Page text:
Monitoring Ca2+, pH, and PCO2 in Circulating Arterial Blood by Means of Ion-Selective Electrodes in a Flow Cell

  • B. W. Allen
  • G. G. Somjen


A sensor may be put into the circulation on the tip of a catheter [1]; or in an extracorporeal, vascular circuit [2]. We chose the latter, since it permits multiple sensors to be used. Such circuits are often arterio-venous shunts [2, 5, 6]. These offer a steep pressure drop, and thus brisk extracorporeal flow, but reduce peripheral resistance and systemic arterial pressure, unless extra hydrodynamic resistance is incorporated in the circuit as a variable [5] or fixed [6] luminal constriction. Also, arterial, venous, and capillary Ca2+ and H+ differ slightly [10], so bypassing the shunted capillary bed could alter measured ion levels, especially if the sought-for changes are small. Another option is an open circuit: a small amount of venous blood flows continuously out of the animal, without being reinfused, to pass through a flow cell containing appropriate sensors. Fogt et al. [4] overcame the disadvantages of this method (poor flow and the small sample volume) by placing a pump in the circuit and continuously diluting the excurrent blood with a heparin-CaCl2 solution. However, the activity coefficient of plasma calcium varies with plasma water concentration [10], as does the the liquid junction potential at the reference electrode with changes in erythrocyte concentration [12].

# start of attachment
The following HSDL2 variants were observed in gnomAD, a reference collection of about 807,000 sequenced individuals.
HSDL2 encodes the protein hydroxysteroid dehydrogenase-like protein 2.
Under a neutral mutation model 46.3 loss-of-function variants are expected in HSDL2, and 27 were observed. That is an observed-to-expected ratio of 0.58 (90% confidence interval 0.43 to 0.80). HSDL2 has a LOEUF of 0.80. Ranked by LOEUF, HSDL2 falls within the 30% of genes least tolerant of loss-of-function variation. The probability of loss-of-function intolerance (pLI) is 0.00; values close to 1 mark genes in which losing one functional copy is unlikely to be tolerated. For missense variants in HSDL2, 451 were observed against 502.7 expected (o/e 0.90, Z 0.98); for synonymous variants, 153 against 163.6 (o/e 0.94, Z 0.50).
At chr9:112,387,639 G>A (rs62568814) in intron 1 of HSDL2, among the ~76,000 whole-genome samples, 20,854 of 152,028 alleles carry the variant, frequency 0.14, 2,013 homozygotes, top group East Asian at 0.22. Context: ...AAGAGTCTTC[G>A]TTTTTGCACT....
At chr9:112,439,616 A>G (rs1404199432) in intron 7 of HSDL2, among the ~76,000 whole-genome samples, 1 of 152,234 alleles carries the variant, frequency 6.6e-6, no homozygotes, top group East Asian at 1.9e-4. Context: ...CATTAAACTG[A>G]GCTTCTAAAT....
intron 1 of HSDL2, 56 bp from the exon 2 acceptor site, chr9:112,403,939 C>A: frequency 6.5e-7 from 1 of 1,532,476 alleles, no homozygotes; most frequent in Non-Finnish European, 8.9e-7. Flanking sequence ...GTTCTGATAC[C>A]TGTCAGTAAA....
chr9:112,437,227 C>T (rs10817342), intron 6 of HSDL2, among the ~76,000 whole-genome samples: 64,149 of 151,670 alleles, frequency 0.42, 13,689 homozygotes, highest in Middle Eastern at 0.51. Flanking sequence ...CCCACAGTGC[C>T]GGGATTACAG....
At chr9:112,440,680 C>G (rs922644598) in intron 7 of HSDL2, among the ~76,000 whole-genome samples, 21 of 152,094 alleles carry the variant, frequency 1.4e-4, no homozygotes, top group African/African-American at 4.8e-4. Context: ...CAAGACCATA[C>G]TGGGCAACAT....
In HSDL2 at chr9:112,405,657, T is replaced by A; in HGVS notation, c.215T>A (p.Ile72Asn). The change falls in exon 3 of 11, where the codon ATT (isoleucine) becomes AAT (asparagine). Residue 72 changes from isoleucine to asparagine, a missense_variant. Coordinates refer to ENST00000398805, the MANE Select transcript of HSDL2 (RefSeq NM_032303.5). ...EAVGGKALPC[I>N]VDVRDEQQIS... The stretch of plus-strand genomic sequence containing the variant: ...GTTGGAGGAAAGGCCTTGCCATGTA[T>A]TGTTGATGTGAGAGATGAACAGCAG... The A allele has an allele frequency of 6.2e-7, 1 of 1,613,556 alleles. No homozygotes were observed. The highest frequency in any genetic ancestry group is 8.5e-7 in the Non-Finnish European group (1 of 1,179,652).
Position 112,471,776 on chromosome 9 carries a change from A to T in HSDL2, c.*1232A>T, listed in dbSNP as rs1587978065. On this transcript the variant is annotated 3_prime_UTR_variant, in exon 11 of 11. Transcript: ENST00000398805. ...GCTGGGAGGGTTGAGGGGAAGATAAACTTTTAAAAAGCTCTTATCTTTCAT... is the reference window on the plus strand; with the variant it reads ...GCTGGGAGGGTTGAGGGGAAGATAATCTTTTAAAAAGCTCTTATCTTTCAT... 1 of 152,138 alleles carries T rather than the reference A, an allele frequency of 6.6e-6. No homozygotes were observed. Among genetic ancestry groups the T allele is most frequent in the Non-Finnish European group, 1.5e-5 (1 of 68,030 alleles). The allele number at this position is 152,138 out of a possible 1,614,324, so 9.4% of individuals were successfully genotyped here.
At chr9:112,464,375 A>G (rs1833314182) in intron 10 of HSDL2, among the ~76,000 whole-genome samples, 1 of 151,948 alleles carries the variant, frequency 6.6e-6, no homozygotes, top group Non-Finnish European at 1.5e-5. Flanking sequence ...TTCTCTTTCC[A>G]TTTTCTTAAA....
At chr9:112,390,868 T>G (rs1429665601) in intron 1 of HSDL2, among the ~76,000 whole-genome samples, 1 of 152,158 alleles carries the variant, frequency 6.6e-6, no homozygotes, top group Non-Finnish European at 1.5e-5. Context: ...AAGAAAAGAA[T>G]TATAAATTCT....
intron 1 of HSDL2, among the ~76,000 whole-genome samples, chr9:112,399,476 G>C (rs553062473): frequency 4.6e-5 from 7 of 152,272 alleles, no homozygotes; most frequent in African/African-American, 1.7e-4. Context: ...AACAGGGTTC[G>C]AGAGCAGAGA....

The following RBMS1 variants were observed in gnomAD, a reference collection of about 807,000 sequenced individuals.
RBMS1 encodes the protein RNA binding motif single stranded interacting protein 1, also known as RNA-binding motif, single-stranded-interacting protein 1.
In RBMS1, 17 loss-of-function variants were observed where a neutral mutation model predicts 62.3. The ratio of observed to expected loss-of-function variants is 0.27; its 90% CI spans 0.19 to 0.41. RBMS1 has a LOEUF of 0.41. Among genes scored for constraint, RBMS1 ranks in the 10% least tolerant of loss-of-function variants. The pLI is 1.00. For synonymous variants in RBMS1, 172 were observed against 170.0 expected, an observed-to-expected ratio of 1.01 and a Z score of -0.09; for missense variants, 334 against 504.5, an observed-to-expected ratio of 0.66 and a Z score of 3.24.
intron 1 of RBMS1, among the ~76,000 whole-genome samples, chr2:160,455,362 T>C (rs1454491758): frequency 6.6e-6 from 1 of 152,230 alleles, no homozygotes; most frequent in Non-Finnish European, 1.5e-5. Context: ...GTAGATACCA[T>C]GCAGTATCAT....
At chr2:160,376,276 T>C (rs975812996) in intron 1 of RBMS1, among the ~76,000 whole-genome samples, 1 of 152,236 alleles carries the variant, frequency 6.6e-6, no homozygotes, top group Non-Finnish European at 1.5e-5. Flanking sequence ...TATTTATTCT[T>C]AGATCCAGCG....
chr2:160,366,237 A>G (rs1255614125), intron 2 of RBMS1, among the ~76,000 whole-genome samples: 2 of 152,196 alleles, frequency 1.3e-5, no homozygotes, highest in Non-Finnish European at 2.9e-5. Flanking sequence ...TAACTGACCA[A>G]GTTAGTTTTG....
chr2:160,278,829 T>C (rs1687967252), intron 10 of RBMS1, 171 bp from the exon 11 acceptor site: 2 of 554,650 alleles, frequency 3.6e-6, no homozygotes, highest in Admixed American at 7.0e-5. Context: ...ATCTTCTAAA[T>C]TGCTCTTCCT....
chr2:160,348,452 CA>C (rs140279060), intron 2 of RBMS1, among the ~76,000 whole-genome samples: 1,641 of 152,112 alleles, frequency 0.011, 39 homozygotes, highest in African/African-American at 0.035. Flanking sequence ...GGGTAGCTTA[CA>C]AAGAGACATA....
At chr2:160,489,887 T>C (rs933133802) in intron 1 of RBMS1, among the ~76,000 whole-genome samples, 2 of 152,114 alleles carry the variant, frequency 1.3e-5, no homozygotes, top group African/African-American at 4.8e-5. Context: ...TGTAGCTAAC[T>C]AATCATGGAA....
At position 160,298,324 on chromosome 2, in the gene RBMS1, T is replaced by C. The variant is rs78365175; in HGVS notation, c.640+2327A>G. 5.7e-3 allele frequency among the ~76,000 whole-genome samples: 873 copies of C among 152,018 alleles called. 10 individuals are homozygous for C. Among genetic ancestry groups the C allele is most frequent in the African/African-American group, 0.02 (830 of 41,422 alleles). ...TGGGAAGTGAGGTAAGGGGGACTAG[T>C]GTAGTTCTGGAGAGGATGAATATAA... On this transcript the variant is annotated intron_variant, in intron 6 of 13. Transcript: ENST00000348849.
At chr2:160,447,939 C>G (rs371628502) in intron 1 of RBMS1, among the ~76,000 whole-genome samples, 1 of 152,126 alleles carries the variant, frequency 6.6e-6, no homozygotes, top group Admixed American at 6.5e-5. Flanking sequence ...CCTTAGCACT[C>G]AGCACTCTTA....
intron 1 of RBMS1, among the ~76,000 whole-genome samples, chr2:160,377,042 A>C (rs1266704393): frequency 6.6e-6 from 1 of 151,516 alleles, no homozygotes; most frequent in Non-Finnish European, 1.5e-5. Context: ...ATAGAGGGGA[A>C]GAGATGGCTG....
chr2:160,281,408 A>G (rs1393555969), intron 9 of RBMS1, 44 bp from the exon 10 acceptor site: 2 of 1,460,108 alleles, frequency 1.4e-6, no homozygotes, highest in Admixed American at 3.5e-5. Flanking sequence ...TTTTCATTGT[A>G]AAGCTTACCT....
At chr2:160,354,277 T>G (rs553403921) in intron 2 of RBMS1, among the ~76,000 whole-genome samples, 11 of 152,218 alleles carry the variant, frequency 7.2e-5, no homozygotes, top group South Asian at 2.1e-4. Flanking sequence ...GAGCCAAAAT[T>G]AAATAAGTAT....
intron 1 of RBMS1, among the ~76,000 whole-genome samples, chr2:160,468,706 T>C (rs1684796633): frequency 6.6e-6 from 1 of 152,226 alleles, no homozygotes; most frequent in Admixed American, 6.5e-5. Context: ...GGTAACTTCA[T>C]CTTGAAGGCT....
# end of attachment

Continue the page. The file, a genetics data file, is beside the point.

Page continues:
Flow Cell Liquid Junction Potential Neck Incision Methocel K15M Bovine Heparin 
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© Springer-Verlag Berlin Heidelberg 1985

Authors and Affiliations

  • B. W. Allen
  • G. G. Somjen

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